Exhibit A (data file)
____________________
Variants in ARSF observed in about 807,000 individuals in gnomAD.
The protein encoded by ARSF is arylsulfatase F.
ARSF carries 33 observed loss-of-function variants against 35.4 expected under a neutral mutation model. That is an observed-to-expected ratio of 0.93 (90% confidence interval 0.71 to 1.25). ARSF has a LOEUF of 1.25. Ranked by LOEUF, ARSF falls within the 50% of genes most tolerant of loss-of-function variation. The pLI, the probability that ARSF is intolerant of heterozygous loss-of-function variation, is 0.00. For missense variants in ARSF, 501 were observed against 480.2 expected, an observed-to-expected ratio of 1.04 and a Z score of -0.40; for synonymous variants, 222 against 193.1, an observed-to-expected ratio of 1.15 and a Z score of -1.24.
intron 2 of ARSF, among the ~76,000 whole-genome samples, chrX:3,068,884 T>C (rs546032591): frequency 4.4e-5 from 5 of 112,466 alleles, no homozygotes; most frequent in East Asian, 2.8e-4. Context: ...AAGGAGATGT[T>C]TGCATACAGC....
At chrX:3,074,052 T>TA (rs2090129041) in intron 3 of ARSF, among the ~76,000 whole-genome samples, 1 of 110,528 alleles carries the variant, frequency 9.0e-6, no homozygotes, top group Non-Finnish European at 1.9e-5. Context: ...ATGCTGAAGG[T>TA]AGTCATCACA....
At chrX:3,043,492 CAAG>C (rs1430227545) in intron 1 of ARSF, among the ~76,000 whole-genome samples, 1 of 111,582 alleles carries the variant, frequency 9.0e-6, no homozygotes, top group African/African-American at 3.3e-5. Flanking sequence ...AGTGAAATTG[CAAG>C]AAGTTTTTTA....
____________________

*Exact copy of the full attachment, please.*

Variants in ARSF observed in about 807,000 individuals in gnomAD.
The protein encoded by ARSF is arylsulfatase F.
ARSF carries 33 observed loss-of-function variants against 35.4 expected under a neutral mutation model. That is an observed-to-expected ratio of 0.93 (90% confidence interval 0.71 to 1.25). ARSF has a LOEUF of 1.25. Ranked by LOEUF, ARSF falls within the 50% of genes most tolerant of loss-of-function variation. The pLI, the probability that ARSF is intolerant of heterozygous loss-of-function variation, is 0.00. For missense variants in ARSF, 501 were observed against 480.2 expected, an observed-to-expected ratio of 1.04 and a Z score of -0.40; for synonymous variants, 222 against 193.1, an observed-to-expected ratio of 1.15 and a Z score of -1.24.
intron 2 of ARSF, among the ~76,000 whole-genome samples, chrX:3,068,884 T>C (rs546032591): frequency 4.4e-5 from 5 of 112,466 alleles, no homozygotes; most frequent in East Asian, 2.8e-4. Context: ...AAGGAGATGT[T>C]TGCATACAGC....
At chrX:3,074,052 T>TA (rs2090129041) in intron 3 of ARSF, among the ~76,000 whole-genome samples, 1 of 110,528 alleles carries the variant, frequency 9.0e-6, no homozygotes, top group Non-Finnish European at 1.9e-5. Context: ...ATGCTGAAGG[T>TA]AGTCATCACA....
At chrX:3,043,492 CAAG>C (rs1430227545) in intron 1 of ARSF, among the ~76,000 whole-genome samples, 1 of 111,582 alleles carries the variant, frequency 9.0e-6, no homozygotes, top group African/African-American at 3.3e-5. Flanking sequence ...AGTGAAATTG[CAAG>C]AAGTTTTTTA....